Engineers in Iceland are preparing to drill two kilometers (1.2 miles) into the Krafla volcano, hitting right into its magma chamber where immense amounts of thermal energy lie.
Krafla has had 29 reported eruptions in history, and it has been the source of geothermal energy since 1977 when the authorities built a 60 MWatt power station in the area. It has a shallow depth and extremely high temperatures very close to the surface, making it ideal for deep drilling projects.
The $100 million project is based on the work of scientists and researchers from 38 institutes and companies in 11 countries, who are collectively working to solve all the practical complexities that arise from drilling inside a volcanic chamber where temperatures of 900 degrees Celsius (1,650 Fahrenheit) prevail.
If they manage to perform the boring operation successfully, they could harness the energy of supercritical steam (450OC). Two wells of this kind would be enough to generate 60 megawatts of power on the nearby plant, which is currently using 18 boreholes for the same energy output.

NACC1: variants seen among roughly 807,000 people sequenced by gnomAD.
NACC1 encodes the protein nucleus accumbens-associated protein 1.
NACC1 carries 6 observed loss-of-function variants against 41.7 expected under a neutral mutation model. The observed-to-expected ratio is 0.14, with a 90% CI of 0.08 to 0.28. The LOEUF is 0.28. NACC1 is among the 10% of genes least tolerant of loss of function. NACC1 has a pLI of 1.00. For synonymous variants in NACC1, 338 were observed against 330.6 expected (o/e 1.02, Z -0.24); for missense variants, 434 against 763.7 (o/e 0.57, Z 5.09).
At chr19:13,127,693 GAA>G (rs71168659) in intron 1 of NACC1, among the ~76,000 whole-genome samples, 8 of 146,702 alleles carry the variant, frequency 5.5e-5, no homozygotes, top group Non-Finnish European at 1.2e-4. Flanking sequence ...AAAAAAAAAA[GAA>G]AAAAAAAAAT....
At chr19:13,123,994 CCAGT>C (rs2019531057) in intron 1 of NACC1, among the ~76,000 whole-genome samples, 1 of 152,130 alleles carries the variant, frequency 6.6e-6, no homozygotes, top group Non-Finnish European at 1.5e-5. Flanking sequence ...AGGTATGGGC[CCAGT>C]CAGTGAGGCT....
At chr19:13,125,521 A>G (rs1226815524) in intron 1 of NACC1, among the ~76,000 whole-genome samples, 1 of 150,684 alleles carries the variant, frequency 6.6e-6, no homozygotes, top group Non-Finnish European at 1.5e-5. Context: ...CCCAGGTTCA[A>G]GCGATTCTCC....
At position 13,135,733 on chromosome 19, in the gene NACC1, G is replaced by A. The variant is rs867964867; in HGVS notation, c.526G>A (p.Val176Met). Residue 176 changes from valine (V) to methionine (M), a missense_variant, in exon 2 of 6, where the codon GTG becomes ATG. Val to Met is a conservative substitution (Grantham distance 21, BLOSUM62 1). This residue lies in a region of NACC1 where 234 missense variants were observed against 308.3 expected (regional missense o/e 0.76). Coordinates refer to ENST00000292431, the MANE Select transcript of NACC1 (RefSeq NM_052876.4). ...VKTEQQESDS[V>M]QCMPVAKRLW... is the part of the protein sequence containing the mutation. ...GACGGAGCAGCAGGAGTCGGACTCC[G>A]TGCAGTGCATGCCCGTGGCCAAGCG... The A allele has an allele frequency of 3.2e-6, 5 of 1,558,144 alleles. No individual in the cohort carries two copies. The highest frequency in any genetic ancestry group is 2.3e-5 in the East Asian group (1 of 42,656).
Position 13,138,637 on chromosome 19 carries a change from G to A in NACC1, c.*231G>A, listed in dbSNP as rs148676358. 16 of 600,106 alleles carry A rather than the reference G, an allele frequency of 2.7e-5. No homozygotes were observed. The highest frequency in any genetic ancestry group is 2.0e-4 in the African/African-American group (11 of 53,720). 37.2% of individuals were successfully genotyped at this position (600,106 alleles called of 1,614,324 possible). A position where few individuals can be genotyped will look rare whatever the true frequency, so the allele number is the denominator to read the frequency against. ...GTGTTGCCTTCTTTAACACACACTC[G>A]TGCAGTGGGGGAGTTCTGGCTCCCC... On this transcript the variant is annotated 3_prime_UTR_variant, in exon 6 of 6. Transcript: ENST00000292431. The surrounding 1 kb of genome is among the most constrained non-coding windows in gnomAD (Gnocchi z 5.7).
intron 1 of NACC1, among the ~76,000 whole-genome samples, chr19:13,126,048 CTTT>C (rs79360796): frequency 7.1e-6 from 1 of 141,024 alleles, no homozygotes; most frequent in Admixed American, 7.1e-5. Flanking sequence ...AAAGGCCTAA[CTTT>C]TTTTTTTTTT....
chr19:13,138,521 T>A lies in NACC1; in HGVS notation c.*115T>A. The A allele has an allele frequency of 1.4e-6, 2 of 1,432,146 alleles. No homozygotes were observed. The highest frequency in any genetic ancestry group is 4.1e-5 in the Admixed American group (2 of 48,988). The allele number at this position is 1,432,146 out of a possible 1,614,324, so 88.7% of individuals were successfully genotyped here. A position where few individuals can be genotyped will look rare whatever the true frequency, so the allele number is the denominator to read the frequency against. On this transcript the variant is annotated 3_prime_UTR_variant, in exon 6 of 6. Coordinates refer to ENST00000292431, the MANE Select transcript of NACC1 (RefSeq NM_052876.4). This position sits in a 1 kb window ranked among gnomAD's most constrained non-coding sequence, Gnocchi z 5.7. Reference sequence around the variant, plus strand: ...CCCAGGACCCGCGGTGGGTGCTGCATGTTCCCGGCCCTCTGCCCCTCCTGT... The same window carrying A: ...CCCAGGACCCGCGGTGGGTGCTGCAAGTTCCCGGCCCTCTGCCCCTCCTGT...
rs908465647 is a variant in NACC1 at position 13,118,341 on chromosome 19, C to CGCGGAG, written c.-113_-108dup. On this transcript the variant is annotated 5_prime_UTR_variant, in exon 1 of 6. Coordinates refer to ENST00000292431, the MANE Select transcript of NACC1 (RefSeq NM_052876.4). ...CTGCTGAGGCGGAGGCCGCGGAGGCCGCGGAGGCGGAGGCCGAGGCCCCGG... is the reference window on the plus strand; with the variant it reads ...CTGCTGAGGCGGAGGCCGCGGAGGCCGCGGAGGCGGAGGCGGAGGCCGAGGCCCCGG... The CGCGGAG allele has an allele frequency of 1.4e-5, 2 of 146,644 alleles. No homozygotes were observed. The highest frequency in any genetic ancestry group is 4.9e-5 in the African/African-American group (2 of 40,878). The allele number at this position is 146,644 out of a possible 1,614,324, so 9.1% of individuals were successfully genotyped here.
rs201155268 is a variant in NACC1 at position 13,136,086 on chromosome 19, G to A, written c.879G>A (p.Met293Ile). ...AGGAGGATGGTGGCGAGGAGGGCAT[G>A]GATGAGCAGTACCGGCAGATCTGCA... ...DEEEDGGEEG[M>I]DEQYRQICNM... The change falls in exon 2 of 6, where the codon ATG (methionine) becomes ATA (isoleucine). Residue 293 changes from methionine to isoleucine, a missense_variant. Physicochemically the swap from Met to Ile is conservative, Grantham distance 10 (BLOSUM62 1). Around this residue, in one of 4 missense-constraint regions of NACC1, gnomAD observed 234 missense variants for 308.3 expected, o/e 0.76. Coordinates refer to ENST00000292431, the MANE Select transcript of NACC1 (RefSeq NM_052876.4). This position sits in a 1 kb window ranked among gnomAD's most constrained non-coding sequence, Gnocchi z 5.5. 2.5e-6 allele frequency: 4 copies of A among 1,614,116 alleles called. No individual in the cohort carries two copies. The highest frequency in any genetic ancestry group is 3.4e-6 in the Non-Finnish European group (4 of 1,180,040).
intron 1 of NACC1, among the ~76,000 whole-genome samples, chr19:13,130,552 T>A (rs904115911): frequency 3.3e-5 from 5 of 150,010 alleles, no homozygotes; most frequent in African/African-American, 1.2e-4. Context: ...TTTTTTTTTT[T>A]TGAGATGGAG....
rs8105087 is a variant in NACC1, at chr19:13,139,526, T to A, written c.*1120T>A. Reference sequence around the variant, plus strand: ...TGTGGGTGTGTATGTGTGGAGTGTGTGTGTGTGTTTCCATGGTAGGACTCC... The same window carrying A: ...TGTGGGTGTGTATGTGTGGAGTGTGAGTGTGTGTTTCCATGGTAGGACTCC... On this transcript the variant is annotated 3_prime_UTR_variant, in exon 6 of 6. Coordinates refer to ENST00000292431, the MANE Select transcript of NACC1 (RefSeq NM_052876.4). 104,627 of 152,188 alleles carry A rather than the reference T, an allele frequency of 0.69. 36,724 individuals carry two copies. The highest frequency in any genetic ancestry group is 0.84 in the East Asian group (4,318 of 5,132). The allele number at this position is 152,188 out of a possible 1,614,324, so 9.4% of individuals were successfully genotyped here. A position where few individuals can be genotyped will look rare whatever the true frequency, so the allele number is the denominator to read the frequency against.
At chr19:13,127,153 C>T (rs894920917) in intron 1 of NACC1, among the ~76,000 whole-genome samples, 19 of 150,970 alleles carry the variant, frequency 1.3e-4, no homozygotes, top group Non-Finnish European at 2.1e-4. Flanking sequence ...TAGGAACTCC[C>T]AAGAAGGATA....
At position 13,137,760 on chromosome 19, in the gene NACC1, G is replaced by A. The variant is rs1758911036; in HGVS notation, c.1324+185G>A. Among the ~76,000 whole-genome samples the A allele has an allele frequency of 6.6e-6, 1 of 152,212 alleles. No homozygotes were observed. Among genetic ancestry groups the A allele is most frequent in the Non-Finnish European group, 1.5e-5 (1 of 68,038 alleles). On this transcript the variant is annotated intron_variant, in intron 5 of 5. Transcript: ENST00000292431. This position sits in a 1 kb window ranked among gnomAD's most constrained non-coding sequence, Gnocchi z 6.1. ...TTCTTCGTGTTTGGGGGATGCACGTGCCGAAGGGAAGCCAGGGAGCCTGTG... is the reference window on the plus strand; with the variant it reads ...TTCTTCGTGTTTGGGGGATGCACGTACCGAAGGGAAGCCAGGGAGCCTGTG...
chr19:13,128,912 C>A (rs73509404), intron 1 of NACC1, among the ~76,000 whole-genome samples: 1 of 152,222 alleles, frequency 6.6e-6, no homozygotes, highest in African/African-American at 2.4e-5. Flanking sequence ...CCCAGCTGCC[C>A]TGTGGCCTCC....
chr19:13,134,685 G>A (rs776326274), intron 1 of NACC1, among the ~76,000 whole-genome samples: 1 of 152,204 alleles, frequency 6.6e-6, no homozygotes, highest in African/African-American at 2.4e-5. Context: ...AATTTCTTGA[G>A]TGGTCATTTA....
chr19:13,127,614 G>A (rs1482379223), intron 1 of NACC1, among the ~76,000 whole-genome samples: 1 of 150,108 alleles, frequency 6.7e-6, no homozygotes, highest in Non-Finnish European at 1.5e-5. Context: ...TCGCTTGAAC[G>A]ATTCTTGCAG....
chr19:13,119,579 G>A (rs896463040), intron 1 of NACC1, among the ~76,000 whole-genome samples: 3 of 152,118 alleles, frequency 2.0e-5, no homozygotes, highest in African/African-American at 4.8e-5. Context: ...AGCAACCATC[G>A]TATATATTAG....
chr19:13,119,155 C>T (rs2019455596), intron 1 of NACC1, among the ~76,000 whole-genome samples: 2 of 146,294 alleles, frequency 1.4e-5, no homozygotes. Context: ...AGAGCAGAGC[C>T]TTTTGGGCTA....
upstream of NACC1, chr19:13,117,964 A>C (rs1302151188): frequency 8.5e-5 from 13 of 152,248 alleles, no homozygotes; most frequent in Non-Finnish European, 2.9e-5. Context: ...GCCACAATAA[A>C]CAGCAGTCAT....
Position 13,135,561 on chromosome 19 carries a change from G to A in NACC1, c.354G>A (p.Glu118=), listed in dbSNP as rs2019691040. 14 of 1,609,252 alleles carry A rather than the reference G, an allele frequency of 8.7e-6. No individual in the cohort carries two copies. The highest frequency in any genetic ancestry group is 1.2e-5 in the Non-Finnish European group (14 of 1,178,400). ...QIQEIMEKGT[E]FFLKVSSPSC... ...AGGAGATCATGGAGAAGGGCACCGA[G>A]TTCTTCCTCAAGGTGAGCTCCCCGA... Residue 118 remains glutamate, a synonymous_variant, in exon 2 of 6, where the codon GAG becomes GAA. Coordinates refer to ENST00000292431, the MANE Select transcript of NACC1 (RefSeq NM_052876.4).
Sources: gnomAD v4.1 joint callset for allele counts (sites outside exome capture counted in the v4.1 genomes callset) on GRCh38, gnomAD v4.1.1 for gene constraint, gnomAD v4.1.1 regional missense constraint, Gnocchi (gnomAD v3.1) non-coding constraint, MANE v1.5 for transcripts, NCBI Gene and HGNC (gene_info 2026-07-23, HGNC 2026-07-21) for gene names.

Drilling into the magma chamber is a technically challenging concept, and scientists also worry about the possibility of triggering a volcanic eruption. Accidental drilling on magma pockets has previously occurred at three locations in the world, but nothing disastrous happened as a result.
During the first drilling tests on the Krafla volcano, hot smoke shot up and lava flowed nine meters above ground, damaging the equipment. However, no injuries occurred and no eruption was caused.
Still, it’s all a mystery right now and scientists are working on figuring out all the potential risks and proactively addressing them. If all goes according to the plan, the first drilling for the creation of a normal-sized well will start in 2024.